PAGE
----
Avoid Dating Dead-Ends: Damaged Souls

By Heather Dugan, Connection Coach, for the SouthFloridaReporter.com, Aug 15, 2015 The divorce forced his relocation from a serene life of utopian comfort to one that feels more like primitive camping. They had everything—the perfect life—until she callously tossed him aside. Or maybe he wrecked it all with a casual affair for which he will never—ever—forgive himself. He’s dining across the table from you, but his mind continuously wanders his own misery—reluctant to leave the catastrophe. You can switch the topic or offer this Damaged Soul first-aid—with tissues, sympathy and emotional hugs—but he’ll just keep ripping off bandages. Ultimately, it’s Dead-end Dating. He’s not budging until he gets a do-over.

“Chances are you won’t even be tempted into a second date with this guy unless you have what my friend Sarah wryly refers to as ‘the social worker gene.’ You may want to pass on the name of your therapist and proffer a tissue, but this guy is living in the past. He’s angry or he’s devastated. He’s guilt-ridden. His wife is a bitch or a saint. It’s his fault or her fault —not their fault. There is no perspective because he’s still wallowing in the middle of a mess.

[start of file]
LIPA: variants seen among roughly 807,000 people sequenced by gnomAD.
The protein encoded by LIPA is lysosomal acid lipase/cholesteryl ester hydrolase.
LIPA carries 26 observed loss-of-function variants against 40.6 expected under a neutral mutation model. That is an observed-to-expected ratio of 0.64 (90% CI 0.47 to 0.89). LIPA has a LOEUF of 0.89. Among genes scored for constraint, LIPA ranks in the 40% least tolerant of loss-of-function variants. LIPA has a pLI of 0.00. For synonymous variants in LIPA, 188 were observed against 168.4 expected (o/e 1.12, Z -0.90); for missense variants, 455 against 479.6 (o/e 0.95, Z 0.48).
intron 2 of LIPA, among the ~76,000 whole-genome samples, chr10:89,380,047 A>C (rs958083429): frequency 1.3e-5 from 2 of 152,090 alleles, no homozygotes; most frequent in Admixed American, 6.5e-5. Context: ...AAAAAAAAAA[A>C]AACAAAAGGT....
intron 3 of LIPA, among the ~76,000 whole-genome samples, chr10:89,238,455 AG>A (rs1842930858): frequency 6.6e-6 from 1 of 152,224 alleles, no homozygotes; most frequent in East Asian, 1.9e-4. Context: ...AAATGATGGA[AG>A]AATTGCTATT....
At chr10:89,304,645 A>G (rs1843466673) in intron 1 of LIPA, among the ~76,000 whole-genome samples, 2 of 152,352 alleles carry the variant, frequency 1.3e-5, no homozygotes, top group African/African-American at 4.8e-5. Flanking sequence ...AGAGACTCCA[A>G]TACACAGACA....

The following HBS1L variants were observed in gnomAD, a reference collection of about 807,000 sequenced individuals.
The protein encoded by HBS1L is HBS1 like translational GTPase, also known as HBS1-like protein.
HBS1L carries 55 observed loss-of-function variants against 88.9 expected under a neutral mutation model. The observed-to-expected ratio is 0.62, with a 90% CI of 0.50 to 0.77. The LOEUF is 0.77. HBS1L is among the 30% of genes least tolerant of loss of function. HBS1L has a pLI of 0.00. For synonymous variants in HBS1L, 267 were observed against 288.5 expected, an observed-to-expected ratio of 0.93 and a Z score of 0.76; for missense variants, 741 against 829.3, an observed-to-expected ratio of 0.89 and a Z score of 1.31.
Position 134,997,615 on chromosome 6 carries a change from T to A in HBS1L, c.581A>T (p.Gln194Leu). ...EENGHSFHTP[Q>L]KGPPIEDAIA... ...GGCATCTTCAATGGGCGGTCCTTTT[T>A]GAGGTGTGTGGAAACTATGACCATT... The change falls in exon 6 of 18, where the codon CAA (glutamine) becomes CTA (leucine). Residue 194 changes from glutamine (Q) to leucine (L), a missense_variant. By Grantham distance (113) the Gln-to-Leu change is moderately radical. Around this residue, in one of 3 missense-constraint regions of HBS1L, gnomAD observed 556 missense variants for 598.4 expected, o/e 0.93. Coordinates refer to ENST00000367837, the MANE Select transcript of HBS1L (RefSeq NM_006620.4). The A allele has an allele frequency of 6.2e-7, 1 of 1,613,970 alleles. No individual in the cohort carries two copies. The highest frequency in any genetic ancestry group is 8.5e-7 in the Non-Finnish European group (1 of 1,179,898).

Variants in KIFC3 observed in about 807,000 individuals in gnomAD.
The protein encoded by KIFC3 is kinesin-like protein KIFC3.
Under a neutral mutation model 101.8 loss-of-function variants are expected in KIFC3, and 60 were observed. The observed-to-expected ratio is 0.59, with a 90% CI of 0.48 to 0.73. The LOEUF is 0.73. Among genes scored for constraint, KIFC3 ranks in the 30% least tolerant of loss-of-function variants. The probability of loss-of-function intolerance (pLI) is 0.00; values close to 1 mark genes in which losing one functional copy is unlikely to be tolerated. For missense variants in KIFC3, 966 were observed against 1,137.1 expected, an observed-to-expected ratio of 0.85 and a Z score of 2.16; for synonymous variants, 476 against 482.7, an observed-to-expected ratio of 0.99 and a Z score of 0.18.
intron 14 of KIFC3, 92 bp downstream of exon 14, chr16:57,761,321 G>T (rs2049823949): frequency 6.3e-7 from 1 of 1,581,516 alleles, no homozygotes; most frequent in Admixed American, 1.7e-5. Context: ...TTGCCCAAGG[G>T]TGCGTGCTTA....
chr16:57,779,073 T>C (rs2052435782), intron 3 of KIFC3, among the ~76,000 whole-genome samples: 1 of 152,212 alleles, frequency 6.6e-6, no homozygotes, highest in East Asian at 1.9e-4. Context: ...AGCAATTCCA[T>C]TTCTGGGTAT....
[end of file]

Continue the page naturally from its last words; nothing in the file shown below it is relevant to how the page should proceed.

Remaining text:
Be kind, but do not get sucked into coffee counseling unless you’ve a strong deflecting mechanism for all the negative energy this guy exudes.

If you do venture into any sort of relationship with this guy, hoist up your confidence and pin it in place. The sensitivities of a Damaged Soul remind me of a fragile tooth, vulnerable to the slightest changes in temperature. You may be required to determine if/why/when he is offended. You will wonder why he doesn’t just speak his mind, but remember that it’s engaged elsewhere or even temporarily lost.”

Faith Based Events

Excerpt from Date Like A Grownup: Anecdotes, Admissions of Guilt & Advice Between Friends by Heather Dugan. Copyright 2014. All rights reserved.

Heather Dugan is a columnist, speaker and author with a focus on human connection. Her latest book, Date Like A Grownup: Anecdotes, Admissions of Guilt & Advice Between Friends, examines the impact of loneliness and social obsolescence on men and women in their second single lives and provides strategies for better living after divorce.